1. Using too much or the wrong kind of detergent
Using non-HE (high efficiency) detergent in any HE washing machine (which includes ALL front loaders, regardless of brand or model) is a big Bozo No-No. You can't just use less of the non-HE stuff because washing with low water requires different detergent chemistry than washing with boocoo water.
The biggest problem with using non-HE detergent is sudsing. Excessive sudsing can cause problems in HE washers by “cushioning” — or even preventing — the tumbling action. HE detergents also hold soils and dyes in suspension in low water volumes, so they don’t re-deposit onto cleaned clothes. This means that if you’re using non-HE detergents in your front-loading washer, you’re wearing poopy germs and other ca-ca on your clothes right now and you are one of the Great Unwashed. The inside of your washer will start smelling poopy, too. See my seminal tome, 9 Ways to Beat Odor Problems in Modern High-Efficiency Front Load and Top Load Washers, for more.
But the biggest problem with sudsing as it pertains to the LE error code in LG front loaders is that the excessive suds can trick out the control board because the load doesn't "feel" right (yes, the control board senses the load and its action) and so it throws an LE error code.
Note that using too much HE detergent can cause over-sudsing, too. Detergents are one those things where more is NOT better. You want just the right amount and no more. So what is the right amount? Well, first off, disregard the idiot directions on the box. Naturally they're going to tell you to use more so you'll have to buy more sooner. And don't fill it to the MAX line in the dispenser. Start with the following amounts of HE detergent and adjust based on your water hardness; more for hard water, less for soft water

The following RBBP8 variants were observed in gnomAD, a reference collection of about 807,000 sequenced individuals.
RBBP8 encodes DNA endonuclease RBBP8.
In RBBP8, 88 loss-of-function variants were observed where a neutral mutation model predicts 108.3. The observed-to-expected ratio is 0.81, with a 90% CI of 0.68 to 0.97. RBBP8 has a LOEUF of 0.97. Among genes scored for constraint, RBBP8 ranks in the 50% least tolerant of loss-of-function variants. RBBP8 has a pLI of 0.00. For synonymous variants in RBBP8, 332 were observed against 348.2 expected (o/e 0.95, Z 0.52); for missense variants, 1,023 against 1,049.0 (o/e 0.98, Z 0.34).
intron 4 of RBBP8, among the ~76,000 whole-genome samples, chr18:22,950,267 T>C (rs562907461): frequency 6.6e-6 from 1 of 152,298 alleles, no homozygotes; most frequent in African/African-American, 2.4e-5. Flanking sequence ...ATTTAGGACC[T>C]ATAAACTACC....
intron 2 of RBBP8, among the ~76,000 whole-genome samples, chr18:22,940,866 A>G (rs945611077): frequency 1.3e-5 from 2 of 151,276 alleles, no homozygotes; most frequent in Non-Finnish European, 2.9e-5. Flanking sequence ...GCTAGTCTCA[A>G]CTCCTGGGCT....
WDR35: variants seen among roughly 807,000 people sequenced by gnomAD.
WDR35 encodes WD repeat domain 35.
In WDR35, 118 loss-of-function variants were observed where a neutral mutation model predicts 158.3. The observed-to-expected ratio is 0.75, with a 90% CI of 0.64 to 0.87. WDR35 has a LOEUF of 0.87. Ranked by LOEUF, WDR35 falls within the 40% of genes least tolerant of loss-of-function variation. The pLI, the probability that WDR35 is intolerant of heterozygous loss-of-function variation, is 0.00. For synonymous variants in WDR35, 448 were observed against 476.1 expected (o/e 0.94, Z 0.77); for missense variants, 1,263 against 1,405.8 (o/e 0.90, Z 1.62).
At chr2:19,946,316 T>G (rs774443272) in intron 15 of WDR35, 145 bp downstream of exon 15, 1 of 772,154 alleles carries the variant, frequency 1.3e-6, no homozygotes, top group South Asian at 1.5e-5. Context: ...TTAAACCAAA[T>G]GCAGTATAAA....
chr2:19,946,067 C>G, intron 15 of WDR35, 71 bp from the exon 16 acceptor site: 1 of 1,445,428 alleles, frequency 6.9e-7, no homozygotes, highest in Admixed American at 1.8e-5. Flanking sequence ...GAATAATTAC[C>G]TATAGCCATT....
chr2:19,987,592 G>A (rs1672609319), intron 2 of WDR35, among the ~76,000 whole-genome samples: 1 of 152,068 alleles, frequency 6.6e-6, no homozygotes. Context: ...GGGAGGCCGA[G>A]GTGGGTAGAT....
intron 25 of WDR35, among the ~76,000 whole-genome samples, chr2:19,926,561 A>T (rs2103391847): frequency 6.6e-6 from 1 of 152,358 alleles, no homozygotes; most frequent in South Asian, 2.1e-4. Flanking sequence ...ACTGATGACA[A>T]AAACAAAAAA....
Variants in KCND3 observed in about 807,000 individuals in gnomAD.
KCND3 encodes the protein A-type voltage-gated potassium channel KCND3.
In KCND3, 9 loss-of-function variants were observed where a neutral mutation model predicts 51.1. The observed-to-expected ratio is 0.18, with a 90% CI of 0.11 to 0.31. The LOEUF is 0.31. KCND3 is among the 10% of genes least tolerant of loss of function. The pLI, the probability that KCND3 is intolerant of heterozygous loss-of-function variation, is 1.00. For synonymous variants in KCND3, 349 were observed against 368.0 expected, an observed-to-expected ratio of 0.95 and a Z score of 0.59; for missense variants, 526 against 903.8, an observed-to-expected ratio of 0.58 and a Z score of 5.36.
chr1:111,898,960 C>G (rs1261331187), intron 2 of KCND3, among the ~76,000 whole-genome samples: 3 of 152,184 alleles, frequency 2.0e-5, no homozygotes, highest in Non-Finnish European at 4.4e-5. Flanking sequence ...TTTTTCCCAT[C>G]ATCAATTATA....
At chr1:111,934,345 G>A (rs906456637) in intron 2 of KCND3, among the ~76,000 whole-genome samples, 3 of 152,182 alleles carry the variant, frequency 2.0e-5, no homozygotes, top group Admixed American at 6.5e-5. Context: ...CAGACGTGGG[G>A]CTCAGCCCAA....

- Regular HE detergent: 2 tablespoons per normal wash load
- HE 2X (double concentrated): 1 tablespoon
- HE 3X (triple concentrated): 1 teaspoon
2) Broken wire harness
If you're sure that you (or your customer, if you're a professional ) are using the correct type and amount of detergent then replace the motor wire harness at the back of the washer (the one underneath the motor).
Even though the wire harness may look fine, one of the wires inside may have broken over the years of use-- they's a whole lotta shakin' and gyratin' going on back there! Also, wire harnesses in dynamic environments like a front load washer can become intermittent in their conductivity. It may work in more quiescent parts of the cycle and then break continuity as the movement increases. This can break the data feedback from the hall sensor to the main control board and cause it to throw an LE error code.
A visual inspection of a wire harness doesn't give a full assessment of its integrity-- you have to measure continuity of each wire in that harness to know what's really going on.
Or just go ahead and replace the wire harness, it's inexpensive and easy to do.
3. The main control board may be bad
Emphasis on the "may" because this is actually the least likely scenario yet the first one that most techs will jump on in these situations. Lots of times, when the main control board in an LG washer goes bad, it's visible, like in this one:
It's usually the triacs, the power transistors, that get shorted out. If you see this, you better look for the problem elsewhere in the machine because something shorted and caused the triac to draw excessive current which burned it up.
But control boards absolutely do fail in non-visible ways, too. So if you're still getting the LE error code after you've replaced the hall sensor, you've ruled out detergent issues and replaced the wire harness, then the only thing you're left with is the main control board.